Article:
Love leads to Suicide . . . or Theme, Premise, and Loglines

Adron J. Smitley
4 min readJun 21, 2020

Many aspiring writers are confused as to what exactly the difference is between a Theme, a Premise, and a Logline . . . especially so the latter two. Here we’ll break them down so you will have a better understanding between the three confusions.

First we’ll start with Theme, because Theme is the easiest of the three to define. So what exactly is Theme and how do you find it? This one is so easy that prostitutes are jealous of it for charging so little. Theme is the one-word emotion motivating your protagonist. Period.

There, that was easy.

Think Love. Or Greed. Or Jealousy. Or any of the plethora of one-word emotions possibly driving your protagonist throughout the events of your story.

Next we’ll deal with Premise, and here’s where the confusion begins. We’ll start with what a Premise is NOT. A Premise is not a one-sentence description of the main events of your overall story, despite what many movie websites tell you. Pick a movie website, any movie website, and more often than not they’ll state a movie’s “premise” as a short one or two sentence description of what the main plot of the movie is about. That is not Premise. They are confusing Premise with a Logline.

Take for example the well-known Premise of Romeo & Juliet: Great love defies even death. Does this describe Romeo and Juliet’s love at first sight? Does this describe their repeated attempts at maintaining said love despite their warring families? Does this describe Romeo’s suicide when he finds Juliet sleeping, instead believing her dead? Does this describe Juliet’s suicide after waking to find her Romeo dead?


What “Great love defies even death” describes is the universal truth proven by the story of Romeo & Juliet. The same Premise can be attached to any number of stories and still be true . . . as long as that particular story proves said Premise. Because whatever truth is being proven in the climax is the story’s thematic Premise.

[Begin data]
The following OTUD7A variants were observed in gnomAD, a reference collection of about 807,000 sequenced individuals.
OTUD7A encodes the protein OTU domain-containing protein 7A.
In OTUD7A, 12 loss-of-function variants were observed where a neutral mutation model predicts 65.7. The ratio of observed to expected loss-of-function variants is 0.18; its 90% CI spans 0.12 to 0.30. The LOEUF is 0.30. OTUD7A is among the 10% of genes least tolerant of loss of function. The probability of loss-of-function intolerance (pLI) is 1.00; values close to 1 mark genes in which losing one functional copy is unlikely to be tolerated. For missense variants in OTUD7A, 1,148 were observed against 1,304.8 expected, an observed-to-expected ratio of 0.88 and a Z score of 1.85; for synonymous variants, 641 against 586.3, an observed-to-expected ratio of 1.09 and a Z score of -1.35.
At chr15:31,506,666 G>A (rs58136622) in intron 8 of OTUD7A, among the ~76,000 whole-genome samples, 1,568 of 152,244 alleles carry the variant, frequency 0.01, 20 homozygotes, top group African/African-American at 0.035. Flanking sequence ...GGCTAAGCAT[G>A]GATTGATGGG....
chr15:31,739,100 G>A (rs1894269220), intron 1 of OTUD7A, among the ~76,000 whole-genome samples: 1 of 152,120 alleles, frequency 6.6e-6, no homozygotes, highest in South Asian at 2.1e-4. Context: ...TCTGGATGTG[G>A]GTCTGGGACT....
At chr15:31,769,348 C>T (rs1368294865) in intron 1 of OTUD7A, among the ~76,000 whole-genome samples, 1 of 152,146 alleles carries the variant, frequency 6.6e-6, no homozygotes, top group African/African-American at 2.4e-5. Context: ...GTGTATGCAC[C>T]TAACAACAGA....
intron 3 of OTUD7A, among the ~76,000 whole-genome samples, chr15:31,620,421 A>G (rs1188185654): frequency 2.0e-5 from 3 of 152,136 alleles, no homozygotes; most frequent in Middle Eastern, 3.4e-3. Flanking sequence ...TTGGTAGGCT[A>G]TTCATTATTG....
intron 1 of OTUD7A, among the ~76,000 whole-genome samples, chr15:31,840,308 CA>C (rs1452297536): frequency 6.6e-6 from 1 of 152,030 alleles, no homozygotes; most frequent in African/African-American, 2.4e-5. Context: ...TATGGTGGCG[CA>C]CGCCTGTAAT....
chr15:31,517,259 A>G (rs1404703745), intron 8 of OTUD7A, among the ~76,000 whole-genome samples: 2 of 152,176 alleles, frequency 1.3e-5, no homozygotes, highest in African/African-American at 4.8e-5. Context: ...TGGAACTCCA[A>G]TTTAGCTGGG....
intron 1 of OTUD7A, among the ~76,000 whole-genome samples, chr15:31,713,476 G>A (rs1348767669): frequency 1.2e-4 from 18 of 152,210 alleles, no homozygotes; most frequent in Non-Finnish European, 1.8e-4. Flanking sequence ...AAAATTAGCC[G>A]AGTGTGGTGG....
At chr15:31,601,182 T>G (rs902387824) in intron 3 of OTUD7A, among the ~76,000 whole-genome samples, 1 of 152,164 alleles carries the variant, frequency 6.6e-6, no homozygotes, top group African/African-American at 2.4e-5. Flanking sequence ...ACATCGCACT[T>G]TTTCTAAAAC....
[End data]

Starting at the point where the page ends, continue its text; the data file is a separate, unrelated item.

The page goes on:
The basic “formula” for your Premise is thus: “Something leads to Something.” Great love defies even death is just a fancy way of saying, “Forbidden Love leads to Suicide.” And in the case of Romeo & Juliet, Forbidden Love leads to Suicide, or, Great love defies even death, is the proven Premise. Is theirs a great yet forbidden Love? Yes. Does it lead to Suicide? Double Yes.

Let’s move on, shall we?

Now the Logline. Oh how I love loglines. Remember what I said earlier about movie websites ignorantly stating a movie’s “premise”? Well, those in actuality are Loglines. Here’s an example of one of my favorite Loglines: Transported to a surreal landscape, a young girl kills the first person she meets and then teams up with three strangers to kill again.

That, ladies and gentlemen, is the Logline of The Wizard of Oz. You see, a Logline is the exciting one-sentence “elevator pitch” used to intrigue your audience into watching your movie or reading your novel. It’s a short description of your story that touches on the overall plot to hook your potential audience for more.

Want another Logline? Okay, how about Rocky? A small-time boxer gets a supremely rare chance to fight heavy-weight champion Apollo Creed in a bout in which he strives to go the distance for his self-respect.

Now, there is a difference between the two exampled Loglines, and here’s the skinny on that rub. The Logline above for Rocky is the writer’s Logline. The Logline for The Wizard of Oz is the audience Logline.

What’s the difference?

A writer’s Logline reveals more details of the overall story arc so that the writer, you, can keep their story on track while they are writing their story. The audience Logline is the brief, interesting gist of your story to hook your potential audience for wanting more. Want the audience Logline for Rocky? Here it is: A small-time boxer gets the rare chance to fight for the world heavy-weight championship.

See the difference?

You want your audience Logline to be as short and sweet as possible while leaving your potential audience with the questions, “So what happens? And why?” You want your writer’s Logline to include just a bit more description so that, while writing your story, you don’t meander into writing unnecessary scenes that have almost nothing to do with the plot of your story. It’s not necessary for the audience to know why Rocky is fighting the world heavy-weight champion, only that his is. The why is what the movie will show them when they watch it. For the same reason why you don’t tell someone who has never watched The Sixth Sense that (spoiler alert!) Bruce Willis’ character is dead nearly the entire movie.

What’s the Logline of The Sixth Sense? A psychologist struggles to cure a troubled boy who is haunted by a bizarre affliction — he sees dead people. The point of that movie is to reveal the shocking revelation to the audience as they watch it, so that key revelation is not included in its audience Logline.

And that, my friends, is the difference between Theme, Premise, and Loglines.

Happy writing!

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Adron J. Smitley

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